Monday, November 3, 2008

Vanishing Tūtū

We commute to work every day by bicycle, along a route which is mostly downhill going in, and mostly uphill coming back, and which passes along residential streets in our valley. The streets on the valley floor are mostly straight and meet at right angles, but as the ground rises the streets grow more winding. We live on the side of the valley, so the first few blocks of the commute are along twisting roads. Rapid development of this area has meant that the houses are crowded very close to the road, especially since there are no sidewalks (another artifact of the recent and rapid development of land here).

One house we pass has a chain-link fence separating its short driveway from the street. It used to be that every morning, on our way in to work, we would see a spectacularly wizened and tanned old lady with a shock of white hair, sitting in a molded plastic chair and watching the world go by. If you waved, she would wave, and we would call out "Hello, tūtū!" as we whizzed past. She was often still there at the end of the day (or had returned to her post, perhaps), and would shout encouraging if incomprehensible things as I slogged up the hill ("Going to the high school dance?" or "There's a sale at the market!"). We didn't know her, in any real sense, but then we did know her, in the sense that you know somebody you see and greet every day.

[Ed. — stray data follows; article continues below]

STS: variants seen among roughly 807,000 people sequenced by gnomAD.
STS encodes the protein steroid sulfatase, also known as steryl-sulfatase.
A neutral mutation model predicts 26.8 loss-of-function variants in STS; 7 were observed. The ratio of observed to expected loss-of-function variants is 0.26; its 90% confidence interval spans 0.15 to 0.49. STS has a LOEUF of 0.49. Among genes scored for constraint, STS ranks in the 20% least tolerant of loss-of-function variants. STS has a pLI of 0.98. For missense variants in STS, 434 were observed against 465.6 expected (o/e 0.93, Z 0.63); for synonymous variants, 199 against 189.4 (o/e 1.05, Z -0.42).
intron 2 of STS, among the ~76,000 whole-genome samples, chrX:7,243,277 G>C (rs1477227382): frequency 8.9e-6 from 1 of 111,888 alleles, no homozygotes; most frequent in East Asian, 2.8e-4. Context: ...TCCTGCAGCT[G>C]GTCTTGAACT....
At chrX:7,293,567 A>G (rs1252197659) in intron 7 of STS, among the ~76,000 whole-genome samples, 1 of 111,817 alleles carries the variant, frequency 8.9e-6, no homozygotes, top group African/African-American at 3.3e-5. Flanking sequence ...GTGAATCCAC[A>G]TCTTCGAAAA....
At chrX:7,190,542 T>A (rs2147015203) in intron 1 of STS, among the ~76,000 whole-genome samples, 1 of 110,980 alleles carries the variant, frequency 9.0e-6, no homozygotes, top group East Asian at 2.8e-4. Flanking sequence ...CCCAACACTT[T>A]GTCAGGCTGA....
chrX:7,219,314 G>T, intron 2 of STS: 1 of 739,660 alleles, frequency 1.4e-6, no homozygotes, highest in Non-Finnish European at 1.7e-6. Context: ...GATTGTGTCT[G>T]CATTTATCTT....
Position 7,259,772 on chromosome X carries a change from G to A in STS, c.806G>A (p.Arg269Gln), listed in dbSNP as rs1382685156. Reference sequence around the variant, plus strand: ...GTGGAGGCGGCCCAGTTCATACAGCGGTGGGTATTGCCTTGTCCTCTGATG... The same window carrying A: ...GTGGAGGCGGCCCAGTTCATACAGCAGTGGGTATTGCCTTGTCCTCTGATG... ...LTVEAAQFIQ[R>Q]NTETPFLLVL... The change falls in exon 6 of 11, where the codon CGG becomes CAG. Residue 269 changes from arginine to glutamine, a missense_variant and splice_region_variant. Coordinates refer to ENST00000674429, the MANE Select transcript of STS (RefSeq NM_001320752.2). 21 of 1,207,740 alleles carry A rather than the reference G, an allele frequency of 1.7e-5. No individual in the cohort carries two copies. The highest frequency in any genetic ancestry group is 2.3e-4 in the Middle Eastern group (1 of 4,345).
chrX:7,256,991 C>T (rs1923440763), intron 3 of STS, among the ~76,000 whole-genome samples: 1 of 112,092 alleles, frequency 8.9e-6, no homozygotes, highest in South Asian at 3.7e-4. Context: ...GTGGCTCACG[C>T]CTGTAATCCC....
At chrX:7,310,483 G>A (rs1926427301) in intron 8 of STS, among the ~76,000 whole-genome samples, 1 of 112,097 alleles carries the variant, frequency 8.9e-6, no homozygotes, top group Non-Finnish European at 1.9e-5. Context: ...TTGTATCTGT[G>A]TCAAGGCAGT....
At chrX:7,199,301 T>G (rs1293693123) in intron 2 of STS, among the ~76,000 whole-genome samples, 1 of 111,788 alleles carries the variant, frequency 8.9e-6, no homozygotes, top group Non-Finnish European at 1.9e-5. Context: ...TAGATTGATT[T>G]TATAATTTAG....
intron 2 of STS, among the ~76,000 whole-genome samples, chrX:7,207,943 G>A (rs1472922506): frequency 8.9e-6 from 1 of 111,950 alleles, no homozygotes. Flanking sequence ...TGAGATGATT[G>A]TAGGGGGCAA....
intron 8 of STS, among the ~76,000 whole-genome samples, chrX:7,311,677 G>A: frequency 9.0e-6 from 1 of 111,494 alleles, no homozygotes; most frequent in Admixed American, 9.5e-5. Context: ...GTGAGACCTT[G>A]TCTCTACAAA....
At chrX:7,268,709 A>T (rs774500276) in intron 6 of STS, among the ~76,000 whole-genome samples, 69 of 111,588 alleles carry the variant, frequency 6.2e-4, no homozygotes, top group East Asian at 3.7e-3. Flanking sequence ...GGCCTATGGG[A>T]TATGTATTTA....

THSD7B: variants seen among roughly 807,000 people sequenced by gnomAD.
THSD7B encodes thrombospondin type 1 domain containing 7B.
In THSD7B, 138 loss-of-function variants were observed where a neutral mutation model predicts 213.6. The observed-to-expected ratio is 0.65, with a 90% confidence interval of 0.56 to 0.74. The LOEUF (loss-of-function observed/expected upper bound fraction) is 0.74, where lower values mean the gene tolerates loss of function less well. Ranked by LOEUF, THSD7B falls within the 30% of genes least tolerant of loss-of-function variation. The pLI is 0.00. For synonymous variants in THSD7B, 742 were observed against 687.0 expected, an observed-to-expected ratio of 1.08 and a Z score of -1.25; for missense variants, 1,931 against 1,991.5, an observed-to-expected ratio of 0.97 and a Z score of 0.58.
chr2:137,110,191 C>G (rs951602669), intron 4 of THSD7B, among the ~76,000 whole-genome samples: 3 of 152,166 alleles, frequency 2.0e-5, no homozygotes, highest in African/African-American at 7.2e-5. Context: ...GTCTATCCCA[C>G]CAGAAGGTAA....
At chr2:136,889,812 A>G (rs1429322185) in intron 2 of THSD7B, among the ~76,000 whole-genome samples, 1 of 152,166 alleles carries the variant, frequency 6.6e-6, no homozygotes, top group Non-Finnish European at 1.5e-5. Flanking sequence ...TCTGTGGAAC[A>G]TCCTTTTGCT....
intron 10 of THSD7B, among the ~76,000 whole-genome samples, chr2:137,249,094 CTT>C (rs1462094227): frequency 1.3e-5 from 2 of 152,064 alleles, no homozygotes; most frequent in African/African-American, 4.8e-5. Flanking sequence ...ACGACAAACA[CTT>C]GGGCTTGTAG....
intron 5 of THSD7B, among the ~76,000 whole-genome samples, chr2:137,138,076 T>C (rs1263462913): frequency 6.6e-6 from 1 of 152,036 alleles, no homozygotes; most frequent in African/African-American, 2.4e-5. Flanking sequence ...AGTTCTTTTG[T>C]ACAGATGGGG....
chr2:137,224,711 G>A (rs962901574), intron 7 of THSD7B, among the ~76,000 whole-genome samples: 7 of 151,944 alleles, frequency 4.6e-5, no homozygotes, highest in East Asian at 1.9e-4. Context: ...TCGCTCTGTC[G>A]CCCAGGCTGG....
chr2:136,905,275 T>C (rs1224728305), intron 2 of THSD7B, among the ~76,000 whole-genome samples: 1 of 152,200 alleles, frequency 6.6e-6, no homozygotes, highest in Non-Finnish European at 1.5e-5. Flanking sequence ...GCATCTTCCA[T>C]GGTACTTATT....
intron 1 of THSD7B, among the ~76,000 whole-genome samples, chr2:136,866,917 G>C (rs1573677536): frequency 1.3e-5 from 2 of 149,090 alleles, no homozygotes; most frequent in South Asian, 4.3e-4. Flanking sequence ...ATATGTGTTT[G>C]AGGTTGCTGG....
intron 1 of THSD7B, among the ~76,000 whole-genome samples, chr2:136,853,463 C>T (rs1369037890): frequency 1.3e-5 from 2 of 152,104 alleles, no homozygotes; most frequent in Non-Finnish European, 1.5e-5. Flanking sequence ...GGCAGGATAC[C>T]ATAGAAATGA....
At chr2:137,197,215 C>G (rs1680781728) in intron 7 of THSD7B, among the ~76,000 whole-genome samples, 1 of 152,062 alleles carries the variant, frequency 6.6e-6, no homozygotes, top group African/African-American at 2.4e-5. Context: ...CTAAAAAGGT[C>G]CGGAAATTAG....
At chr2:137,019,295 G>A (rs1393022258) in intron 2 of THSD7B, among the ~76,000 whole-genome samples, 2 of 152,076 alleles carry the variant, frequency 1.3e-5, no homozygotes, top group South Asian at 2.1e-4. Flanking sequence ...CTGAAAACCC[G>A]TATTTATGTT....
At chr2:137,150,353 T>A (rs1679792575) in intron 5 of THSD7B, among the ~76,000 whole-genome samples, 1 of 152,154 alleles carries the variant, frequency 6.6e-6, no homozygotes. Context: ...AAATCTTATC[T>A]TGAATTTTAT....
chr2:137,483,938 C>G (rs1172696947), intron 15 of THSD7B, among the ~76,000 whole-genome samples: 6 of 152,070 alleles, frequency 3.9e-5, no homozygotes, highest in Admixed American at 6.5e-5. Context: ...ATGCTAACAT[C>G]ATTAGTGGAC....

Since we came back from Europe, we haven't seen her at all. The orange plastic chair is tilted up against the fence, to cast the rain off, and nobody sits in the driveway day after day. We see other people in the yard occasionally, members of a local-Japanese family, but it would seem weirdly prying to ask them what might have happened, especially since we know what might have happened, and since we don't know them at all. But we wonder, every time we see that orange chair. She's gone, but her place in the world isn't.

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